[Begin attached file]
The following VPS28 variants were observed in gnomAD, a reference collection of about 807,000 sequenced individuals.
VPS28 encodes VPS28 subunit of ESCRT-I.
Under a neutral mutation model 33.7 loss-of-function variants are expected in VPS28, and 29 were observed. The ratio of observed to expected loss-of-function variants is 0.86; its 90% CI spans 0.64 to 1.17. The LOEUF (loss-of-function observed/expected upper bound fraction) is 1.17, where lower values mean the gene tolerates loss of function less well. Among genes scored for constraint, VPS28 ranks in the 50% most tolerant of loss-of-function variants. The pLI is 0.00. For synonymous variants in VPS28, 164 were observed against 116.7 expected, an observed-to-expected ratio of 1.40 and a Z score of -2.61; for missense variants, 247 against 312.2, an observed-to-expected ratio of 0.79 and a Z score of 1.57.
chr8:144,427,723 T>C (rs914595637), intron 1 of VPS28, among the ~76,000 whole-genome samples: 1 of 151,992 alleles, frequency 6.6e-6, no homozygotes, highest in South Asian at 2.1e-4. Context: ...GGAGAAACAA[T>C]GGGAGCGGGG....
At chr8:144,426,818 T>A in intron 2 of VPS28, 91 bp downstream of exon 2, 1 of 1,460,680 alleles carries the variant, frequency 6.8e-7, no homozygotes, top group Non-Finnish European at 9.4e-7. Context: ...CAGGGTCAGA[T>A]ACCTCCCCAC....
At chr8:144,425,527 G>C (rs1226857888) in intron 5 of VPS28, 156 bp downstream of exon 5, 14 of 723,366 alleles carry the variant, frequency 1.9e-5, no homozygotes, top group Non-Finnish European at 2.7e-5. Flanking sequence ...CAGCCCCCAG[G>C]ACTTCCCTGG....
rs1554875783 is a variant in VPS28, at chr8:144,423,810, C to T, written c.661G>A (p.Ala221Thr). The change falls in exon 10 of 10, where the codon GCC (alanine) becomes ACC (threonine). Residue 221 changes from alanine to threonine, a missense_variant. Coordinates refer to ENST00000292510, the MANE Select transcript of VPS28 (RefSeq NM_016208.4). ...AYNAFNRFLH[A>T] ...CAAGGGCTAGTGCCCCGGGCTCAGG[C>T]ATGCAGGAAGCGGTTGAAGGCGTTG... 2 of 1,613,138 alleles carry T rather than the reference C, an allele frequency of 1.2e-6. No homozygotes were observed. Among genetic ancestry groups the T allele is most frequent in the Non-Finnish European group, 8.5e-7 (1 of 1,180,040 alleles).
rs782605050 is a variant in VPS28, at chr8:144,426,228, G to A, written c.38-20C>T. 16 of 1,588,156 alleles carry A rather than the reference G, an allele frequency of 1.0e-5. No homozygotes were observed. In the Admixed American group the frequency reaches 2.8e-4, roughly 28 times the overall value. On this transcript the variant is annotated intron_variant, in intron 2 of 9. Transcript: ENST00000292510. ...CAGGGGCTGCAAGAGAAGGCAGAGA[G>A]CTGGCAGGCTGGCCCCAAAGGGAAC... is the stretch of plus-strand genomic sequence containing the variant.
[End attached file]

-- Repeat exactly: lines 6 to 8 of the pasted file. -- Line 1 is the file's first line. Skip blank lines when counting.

At chr8:144,425,527 G>C (rs1226857888) in intron 5 of VPS28, 156 bp downstream of exon 5, 14 of 723,366 alleles carry the variant, frequency 1.9e-5, no homozygotes, top group Non-Finnish European at 2.7e-5. Flanking sequence ...CAGCCCCCAG[G>C]ACTTCCCTGG....
rs1554875783 is a variant in VPS28, at chr8:144,423,810, C to T, written c.661G>A (p.Ala221Thr). The change falls in exon 10 of 10, where the codon GCC (alanine) becomes ACC (threonine). Residue 221 changes from alanine to threonine, a missense_variant. Coordinates refer to ENST00000292510, the MANE Select transcript of VPS28 (RefSeq NM_016208.4). ...AYNAFNRFLH[A>T] ...CAAGGGCTAGTGCCCCGGGCTCAGG[C>T]ATGCAGGAAGCGGTTGAAGGCGTTG... 2 of 1,613,138 alleles carry T rather than the reference C, an allele frequency of 1.2e-6. No homozygotes were observed. Among genetic ancestry groups the T allele is most frequent in the Non-Finnish European group, 8.5e-7 (1 of 1,180,040 alleles).
rs782605050 is a variant in VPS28, at chr8:144,426,228, G to A, written c.38-20C>T. 16 of 1,588,156 alleles carry A rather than the reference G, an allele frequency of 1.0e-5. No homozygotes were observed. In the Admixed American group the frequency reaches 2.8e-4, roughly 28 times the overall value. On this transcript the variant is annotated intron_variant, in intron 2 of 9. Transcript: ENST00000292510. ...CAGGGGCTGCAAGAGAAGGCAGAGA[G>A]CTGGCAGGCTGGCCCCAAAGGGAAC... is the stretch of plus-strand genomic sequence containing the variant.